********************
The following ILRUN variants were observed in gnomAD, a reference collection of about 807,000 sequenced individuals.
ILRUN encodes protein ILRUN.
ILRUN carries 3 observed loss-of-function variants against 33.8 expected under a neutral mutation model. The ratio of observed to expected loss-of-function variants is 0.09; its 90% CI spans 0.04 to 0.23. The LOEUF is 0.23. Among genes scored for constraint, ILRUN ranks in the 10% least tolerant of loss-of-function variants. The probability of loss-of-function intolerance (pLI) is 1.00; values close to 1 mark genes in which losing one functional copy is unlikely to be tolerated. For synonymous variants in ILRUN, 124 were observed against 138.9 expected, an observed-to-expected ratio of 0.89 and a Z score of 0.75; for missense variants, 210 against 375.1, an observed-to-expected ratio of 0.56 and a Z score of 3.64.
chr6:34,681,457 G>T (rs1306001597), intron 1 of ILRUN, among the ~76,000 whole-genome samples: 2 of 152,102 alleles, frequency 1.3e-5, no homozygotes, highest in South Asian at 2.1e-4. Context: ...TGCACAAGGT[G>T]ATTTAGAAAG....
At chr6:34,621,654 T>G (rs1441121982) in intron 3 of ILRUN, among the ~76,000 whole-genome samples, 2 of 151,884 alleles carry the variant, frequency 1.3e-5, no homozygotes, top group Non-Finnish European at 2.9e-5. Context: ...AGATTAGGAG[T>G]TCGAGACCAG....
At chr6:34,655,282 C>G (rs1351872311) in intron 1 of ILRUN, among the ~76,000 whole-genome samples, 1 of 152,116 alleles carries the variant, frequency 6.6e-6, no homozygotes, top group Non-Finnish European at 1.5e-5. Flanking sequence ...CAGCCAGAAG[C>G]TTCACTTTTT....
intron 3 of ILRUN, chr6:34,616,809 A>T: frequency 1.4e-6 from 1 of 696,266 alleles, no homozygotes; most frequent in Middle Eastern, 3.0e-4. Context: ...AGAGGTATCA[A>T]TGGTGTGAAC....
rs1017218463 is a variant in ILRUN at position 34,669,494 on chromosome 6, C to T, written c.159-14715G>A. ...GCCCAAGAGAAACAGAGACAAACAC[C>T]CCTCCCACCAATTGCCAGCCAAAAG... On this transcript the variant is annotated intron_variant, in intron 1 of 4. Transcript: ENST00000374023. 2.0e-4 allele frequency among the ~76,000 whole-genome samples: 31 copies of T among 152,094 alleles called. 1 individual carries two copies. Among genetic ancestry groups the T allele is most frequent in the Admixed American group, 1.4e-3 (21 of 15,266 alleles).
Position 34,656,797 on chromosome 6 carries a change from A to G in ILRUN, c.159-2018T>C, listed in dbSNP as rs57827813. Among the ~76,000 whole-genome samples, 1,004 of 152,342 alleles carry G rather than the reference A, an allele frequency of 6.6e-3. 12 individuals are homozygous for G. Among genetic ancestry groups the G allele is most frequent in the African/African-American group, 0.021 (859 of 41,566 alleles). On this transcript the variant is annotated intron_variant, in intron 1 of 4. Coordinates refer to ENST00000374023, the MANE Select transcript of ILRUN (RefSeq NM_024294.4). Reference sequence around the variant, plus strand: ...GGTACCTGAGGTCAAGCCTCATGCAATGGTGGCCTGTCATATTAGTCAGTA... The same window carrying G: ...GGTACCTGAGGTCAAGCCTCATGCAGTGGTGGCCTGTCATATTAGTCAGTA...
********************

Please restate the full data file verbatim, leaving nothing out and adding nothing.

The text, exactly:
The following ILRUN variants were observed in gnomAD, a reference collection of about 807,000 sequenced individuals.
ILRUN encodes protein ILRUN.
ILRUN carries 3 observed loss-of-function variants against 33.8 expected under a neutral mutation model. The ratio of observed to expected loss-of-function variants is 0.09; its 90% CI spans 0.04 to 0.23. The LOEUF is 0.23. Among genes scored for constraint, ILRUN ranks in the 10% least tolerant of loss-of-function variants. The probability of loss-of-function intolerance (pLI) is 1.00; values close to 1 mark genes in which losing one functional copy is unlikely to be tolerated. For synonymous variants in ILRUN, 124 were observed against 138.9 expected, an observed-to-expected ratio of 0.89 and a Z score of 0.75; for missense variants, 210 against 375.1, an observed-to-expected ratio of 0.56 and a Z score of 3.64.
chr6:34,681,457 G>T (rs1306001597), intron 1 of ILRUN, among the ~76,000 whole-genome samples: 2 of 152,102 alleles, frequency 1.3e-5, no homozygotes, highest in South Asian at 2.1e-4. Context: ...TGCACAAGGT[G>T]ATTTAGAAAG....
At chr6:34,621,654 T>G (rs1441121982) in intron 3 of ILRUN, among the ~76,000 whole-genome samples, 2 of 151,884 alleles carry the variant, frequency 1.3e-5, no homozygotes, top group Non-Finnish European at 2.9e-5. Context: ...AGATTAGGAG[T>G]TCGAGACCAG....
At chr6:34,655,282 C>G (rs1351872311) in intron 1 of ILRUN, among the ~76,000 whole-genome samples, 1 of 152,116 alleles carries the variant, frequency 6.6e-6, no homozygotes, top group Non-Finnish European at 1.5e-5. Flanking sequence ...CAGCCAGAAG[C>G]TTCACTTTTT....
intron 3 of ILRUN, chr6:34,616,809 A>T: frequency 1.4e-6 from 1 of 696,266 alleles, no homozygotes; most frequent in Middle Eastern, 3.0e-4. Context: ...AGAGGTATCA[A>T]TGGTGTGAAC....
rs1017218463 is a variant in ILRUN at position 34,669,494 on chromosome 6, C to T, written c.159-14715G>A. ...GCCCAAGAGAAACAGAGACAAACAC[C>T]CCTCCCACCAATTGCCAGCCAAAAG... On this transcript the variant is annotated intron_variant, in intron 1 of 4. Transcript: ENST00000374023. 2.0e-4 allele frequency among the ~76,000 whole-genome samples: 31 copies of T among 152,094 alleles called. 1 individual carries two copies. Among genetic ancestry groups the T allele is most frequent in the Admixed American group, 1.4e-3 (21 of 15,266 alleles).
Position 34,656,797 on chromosome 6 carries a change from A to G in ILRUN, c.159-2018T>C, listed in dbSNP as rs57827813. Among the ~76,000 whole-genome samples, 1,004 of 152,342 alleles carry G rather than the reference A, an allele frequency of 6.6e-3. 12 individuals are homozygous for G. Among genetic ancestry groups the G allele is most frequent in the African/African-American group, 0.021 (859 of 41,566 alleles). On this transcript the variant is annotated intron_variant, in intron 1 of 4. Coordinates refer to ENST00000374023, the MANE Select transcript of ILRUN (RefSeq NM_024294.4). Reference sequence around the variant, plus strand: ...GGTACCTGAGGTCAAGCCTCATGCAATGGTGGCCTGTCATATTAGTCAGTA... The same window carrying G: ...GGTACCTGAGGTCAAGCCTCATGCAGTGGTGGCCTGTCATATTAGTCAGTA...